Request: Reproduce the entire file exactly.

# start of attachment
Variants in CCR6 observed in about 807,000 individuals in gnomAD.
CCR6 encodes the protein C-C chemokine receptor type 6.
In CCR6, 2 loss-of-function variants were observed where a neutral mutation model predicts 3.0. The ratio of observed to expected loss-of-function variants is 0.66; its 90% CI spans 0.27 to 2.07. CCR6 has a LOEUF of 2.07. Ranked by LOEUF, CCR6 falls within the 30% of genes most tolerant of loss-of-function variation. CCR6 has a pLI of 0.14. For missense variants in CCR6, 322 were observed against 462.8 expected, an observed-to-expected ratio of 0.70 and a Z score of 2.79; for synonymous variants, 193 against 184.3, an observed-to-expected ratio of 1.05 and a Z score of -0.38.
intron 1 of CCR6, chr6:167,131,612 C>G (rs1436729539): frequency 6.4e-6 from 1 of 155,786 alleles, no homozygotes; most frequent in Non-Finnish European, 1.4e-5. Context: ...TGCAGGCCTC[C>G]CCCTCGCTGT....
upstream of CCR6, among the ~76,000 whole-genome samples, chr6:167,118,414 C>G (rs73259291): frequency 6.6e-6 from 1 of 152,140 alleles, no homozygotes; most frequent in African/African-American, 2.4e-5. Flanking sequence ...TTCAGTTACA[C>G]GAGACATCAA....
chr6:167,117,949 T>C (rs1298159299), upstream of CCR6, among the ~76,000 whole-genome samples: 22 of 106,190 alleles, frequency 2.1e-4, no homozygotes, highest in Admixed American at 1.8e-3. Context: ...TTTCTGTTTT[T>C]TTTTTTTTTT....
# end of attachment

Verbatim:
Variants in CCR6 observed in about 807,000 individuals in gnomAD.
CCR6 encodes the protein C-C chemokine receptor type 6.
In CCR6, 2 loss-of-function variants were observed where a neutral mutation model predicts 3.0. The ratio of observed to expected loss-of-function variants is 0.66; its 90% CI spans 0.27 to 2.07. CCR6 has a LOEUF of 2.07. Ranked by LOEUF, CCR6 falls within the 30% of genes most tolerant of loss-of-function variation. CCR6 has a pLI of 0.14. For missense variants in CCR6, 322 were observed against 462.8 expected, an observed-to-expected ratio of 0.70 and a Z score of 2.79; for synonymous variants, 193 against 184.3, an observed-to-expected ratio of 1.05 and a Z score of -0.38.
intron 1 of CCR6, chr6:167,131,612 C>G (rs1436729539): frequency 6.4e-6 from 1 of 155,786 alleles, no homozygotes; most frequent in Non-Finnish European, 1.4e-5. Context: ...TGCAGGCCTC[C>G]CCCTCGCTGT....
upstream of CCR6, among the ~76,000 whole-genome samples, chr6:167,118,414 C>G (rs73259291): frequency 6.6e-6 from 1 of 152,140 alleles, no homozygotes; most frequent in African/African-American, 2.4e-5. Flanking sequence ...TTCAGTTACA[C>G]GAGACATCAA....
chr6:167,117,949 T>C (rs1298159299), upstream of CCR6, among the ~76,000 whole-genome samples: 22 of 106,190 alleles, frequency 2.1e-4, no homozygotes, highest in Admixed American at 1.8e-3. Context: ...TTTCTGTTTT[T>C]TTTTTTTTTT....